The Virgin Suicides

The Virgin Suicides ★★★★½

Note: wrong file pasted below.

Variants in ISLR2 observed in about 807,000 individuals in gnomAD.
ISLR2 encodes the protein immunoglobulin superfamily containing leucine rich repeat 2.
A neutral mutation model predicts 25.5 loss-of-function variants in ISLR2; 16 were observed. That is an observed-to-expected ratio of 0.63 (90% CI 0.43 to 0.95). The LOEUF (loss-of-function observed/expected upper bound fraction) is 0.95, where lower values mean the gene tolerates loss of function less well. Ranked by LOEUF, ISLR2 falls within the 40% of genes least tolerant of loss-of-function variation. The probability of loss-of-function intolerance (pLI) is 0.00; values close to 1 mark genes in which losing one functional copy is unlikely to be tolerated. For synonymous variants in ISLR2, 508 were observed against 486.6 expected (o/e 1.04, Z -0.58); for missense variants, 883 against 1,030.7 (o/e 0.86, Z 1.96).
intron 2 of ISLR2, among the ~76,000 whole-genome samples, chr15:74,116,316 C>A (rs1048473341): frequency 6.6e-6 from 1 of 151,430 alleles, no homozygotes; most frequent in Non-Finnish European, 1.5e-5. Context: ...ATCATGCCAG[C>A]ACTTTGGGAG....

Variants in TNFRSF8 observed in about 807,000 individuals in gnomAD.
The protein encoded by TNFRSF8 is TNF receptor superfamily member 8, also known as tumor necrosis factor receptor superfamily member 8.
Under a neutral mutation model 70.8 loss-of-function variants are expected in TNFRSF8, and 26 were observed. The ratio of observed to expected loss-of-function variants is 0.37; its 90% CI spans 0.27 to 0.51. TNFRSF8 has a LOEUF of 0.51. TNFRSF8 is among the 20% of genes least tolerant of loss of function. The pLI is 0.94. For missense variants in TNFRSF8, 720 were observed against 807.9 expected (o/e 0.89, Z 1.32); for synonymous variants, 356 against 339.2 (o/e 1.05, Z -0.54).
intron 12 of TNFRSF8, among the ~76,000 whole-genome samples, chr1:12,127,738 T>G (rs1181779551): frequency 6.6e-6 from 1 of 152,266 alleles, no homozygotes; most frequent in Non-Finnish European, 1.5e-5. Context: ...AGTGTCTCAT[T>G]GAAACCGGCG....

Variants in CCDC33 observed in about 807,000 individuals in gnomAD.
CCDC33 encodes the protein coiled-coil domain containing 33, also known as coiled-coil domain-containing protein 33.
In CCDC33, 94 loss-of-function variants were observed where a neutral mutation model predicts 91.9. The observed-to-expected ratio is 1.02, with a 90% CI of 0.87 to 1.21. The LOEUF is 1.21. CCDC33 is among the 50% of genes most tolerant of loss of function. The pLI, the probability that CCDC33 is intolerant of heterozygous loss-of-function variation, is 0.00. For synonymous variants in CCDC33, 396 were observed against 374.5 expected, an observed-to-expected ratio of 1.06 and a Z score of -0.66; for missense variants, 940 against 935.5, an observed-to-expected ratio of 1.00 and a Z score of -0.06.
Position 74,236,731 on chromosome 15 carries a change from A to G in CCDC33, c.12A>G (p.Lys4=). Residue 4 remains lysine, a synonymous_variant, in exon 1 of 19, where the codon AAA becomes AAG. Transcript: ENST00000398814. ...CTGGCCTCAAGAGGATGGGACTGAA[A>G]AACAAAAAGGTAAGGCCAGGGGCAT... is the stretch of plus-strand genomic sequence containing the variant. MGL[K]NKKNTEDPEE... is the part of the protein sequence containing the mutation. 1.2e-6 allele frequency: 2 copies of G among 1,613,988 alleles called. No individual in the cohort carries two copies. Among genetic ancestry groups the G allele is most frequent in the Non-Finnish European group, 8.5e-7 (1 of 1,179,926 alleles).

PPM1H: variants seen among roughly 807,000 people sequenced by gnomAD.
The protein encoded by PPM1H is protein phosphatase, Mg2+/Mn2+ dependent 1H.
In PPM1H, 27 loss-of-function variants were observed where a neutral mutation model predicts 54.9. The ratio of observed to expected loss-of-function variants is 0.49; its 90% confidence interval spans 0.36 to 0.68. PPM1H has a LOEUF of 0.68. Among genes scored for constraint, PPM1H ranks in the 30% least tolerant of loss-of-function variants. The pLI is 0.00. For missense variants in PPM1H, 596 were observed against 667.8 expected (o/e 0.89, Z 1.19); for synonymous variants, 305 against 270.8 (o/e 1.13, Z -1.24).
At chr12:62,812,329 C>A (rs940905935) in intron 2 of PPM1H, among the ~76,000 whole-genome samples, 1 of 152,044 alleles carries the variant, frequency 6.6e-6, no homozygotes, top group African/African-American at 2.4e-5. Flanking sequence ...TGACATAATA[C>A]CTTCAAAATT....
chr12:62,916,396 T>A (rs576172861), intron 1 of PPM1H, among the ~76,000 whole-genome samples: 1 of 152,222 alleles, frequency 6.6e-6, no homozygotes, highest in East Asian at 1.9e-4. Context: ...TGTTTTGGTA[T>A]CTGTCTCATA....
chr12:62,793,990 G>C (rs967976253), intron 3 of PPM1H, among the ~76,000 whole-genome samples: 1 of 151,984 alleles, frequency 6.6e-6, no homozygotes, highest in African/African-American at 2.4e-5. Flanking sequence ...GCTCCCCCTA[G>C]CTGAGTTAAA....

All these Sofia Coppola films I've been watching have been giving me life. Granted, The Virgin Suicides isn't my favorite of her work, but it's certainly a powerful entry in her canon. And the fact it's her first feature is nearly unbelievable. In the film, Giovanni Ribisi elegantly narrates us through the tragic tale of The Lisbon Girls. A group of teenage girls living in Michigan in 1974 under the strict rule of their mother and father. They're all desperate to get out, others more than some (Particularly Lux and Cecilia), and they'll do whatever it takes to do so. We the audience however, see this story unfold through the eyes of the teenage boys who sit across the street from the Lisbon home, and from their bedroom, observe and imagine what goes on in the lives of The Lisbon Girls. I may not have grown up in the 70's, but I do know what it's like to be a teenage boy growing up in Michigan. I have a lot of happy memories, but a few dark ones as well. None of them to do with me really, but some of the people who have come in and out of my life. I've seen friends go to the darkest depths of suburban America, and some never came back. The Virgin Suicides perfectly displays that dichotomy between the light and the dark. Just because you're a teenager, doesn't mean life is easy. I imagine there was no better person to take on this material than Sofia Coppola, for virtually all of her films are about lo lonliness, or trying to find meaning in a vapid sea of monotony. The Virgin Suicides is certainly her darkest film, although it also displays some of her most lighthearted moments. The ensemble cast really brings home these performances as well, particularly Kirsten Dunst and Kathleen Turner. Combine that with Ed Lachman's excellent cinematography and a radical score by Air; and you got yourself quite a film. The Virgin Suicides may not be perfect, but hell, life ain't perfect either. (Kirsten Dunst stares suductively at the camera and winks)

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